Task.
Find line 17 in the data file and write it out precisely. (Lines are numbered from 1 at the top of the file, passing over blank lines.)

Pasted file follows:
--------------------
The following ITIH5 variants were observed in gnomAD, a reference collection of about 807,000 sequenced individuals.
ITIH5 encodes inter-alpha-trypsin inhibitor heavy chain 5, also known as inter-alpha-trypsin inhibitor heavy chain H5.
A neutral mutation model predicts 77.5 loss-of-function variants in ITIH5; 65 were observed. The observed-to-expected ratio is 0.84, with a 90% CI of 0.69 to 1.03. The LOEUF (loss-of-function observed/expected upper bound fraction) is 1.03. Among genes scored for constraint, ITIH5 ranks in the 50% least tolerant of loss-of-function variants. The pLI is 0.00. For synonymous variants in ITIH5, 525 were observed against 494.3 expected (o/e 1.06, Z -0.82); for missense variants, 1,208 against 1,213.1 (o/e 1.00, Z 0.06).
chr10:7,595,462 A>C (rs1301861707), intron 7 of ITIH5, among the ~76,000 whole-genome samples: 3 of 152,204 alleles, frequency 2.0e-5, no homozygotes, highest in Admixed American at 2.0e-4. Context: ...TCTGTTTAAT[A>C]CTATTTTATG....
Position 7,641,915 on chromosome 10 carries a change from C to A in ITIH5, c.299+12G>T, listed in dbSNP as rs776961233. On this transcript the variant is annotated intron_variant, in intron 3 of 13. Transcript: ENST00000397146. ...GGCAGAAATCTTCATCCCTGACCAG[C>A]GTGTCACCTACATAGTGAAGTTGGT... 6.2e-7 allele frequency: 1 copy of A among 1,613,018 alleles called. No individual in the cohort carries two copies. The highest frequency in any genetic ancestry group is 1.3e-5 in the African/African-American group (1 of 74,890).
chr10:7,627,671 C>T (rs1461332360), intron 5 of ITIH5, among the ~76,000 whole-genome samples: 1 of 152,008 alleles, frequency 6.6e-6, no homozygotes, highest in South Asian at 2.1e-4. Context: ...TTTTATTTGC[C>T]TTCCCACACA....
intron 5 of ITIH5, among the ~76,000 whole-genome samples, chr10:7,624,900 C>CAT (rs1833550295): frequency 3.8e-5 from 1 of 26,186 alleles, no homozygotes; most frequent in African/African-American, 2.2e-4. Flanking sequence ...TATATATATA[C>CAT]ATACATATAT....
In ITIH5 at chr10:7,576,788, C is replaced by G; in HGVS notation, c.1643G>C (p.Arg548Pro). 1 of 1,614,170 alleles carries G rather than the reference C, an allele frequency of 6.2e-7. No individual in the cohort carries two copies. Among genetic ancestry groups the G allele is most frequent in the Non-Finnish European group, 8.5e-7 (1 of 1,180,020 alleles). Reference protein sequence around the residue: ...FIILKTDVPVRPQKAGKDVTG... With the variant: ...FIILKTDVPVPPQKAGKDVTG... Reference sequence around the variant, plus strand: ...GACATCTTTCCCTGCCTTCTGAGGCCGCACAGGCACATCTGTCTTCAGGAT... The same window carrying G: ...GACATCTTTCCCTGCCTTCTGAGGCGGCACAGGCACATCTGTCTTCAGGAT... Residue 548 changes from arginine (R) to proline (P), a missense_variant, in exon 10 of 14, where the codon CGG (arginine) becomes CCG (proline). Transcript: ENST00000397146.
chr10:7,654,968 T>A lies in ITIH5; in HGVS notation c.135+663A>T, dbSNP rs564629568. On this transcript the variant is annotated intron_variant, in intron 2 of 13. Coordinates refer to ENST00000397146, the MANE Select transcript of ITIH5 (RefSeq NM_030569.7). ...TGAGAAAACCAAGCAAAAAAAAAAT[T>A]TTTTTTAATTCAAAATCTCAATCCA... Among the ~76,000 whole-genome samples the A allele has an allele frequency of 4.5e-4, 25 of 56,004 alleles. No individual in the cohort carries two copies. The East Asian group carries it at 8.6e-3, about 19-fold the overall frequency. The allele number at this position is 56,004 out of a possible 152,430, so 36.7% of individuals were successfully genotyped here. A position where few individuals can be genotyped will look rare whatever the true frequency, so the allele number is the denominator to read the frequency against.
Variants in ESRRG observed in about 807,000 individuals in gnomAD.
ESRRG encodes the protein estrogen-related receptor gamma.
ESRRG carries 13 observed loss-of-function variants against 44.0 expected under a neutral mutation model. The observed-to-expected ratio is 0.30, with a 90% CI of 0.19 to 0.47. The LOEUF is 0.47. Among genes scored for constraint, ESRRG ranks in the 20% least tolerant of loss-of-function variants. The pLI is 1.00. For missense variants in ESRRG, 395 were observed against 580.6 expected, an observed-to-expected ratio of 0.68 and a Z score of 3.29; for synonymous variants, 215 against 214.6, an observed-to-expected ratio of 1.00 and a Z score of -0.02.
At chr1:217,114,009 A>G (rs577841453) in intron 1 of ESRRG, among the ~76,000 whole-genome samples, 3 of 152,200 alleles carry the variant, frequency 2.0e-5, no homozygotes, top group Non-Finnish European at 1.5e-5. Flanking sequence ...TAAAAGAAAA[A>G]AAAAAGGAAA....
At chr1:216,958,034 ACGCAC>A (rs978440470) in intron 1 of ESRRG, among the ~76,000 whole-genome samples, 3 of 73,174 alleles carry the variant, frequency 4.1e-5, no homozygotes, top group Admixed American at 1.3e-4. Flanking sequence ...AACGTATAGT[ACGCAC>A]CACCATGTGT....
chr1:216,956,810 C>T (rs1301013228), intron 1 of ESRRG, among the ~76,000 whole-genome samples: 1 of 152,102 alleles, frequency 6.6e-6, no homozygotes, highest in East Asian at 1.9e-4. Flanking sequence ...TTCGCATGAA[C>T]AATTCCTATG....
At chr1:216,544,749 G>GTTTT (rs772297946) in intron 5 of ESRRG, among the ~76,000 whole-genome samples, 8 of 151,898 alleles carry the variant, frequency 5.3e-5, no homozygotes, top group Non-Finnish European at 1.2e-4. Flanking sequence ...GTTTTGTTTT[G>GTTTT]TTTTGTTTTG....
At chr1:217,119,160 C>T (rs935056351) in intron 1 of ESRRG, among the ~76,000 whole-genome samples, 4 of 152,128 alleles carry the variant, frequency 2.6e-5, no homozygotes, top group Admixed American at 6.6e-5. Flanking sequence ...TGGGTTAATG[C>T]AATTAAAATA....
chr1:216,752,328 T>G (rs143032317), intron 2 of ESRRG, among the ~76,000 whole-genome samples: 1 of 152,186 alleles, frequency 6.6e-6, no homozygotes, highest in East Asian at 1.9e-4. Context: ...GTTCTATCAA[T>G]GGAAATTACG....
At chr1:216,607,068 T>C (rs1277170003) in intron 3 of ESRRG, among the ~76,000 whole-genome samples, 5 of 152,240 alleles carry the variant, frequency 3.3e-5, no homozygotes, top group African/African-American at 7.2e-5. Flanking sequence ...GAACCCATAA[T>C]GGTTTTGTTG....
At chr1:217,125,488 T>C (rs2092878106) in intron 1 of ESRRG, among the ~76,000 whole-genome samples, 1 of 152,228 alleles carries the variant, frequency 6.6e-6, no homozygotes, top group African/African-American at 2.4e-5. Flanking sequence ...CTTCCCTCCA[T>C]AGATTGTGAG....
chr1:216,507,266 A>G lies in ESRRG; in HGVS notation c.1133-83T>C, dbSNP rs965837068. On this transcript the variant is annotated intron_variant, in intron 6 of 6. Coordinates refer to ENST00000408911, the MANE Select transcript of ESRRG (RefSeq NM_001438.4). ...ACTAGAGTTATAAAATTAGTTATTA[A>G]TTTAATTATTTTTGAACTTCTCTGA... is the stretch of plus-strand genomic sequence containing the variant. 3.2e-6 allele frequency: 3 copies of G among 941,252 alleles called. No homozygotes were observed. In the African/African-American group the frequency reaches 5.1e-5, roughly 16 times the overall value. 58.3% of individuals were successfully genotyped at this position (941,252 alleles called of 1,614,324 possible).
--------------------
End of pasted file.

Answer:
At chr1:217,119,160 C>T (rs935056351) in intron 1 of ESRRG, among the ~76,000 whole-genome samples, 4 of 152,128 alleles carry the variant, frequency 2.6e-5, no homozygotes, top group Admixed American at 6.6e-5. Flanking sequence ...TGGGTTAATG[C>T]AATTAAAATA....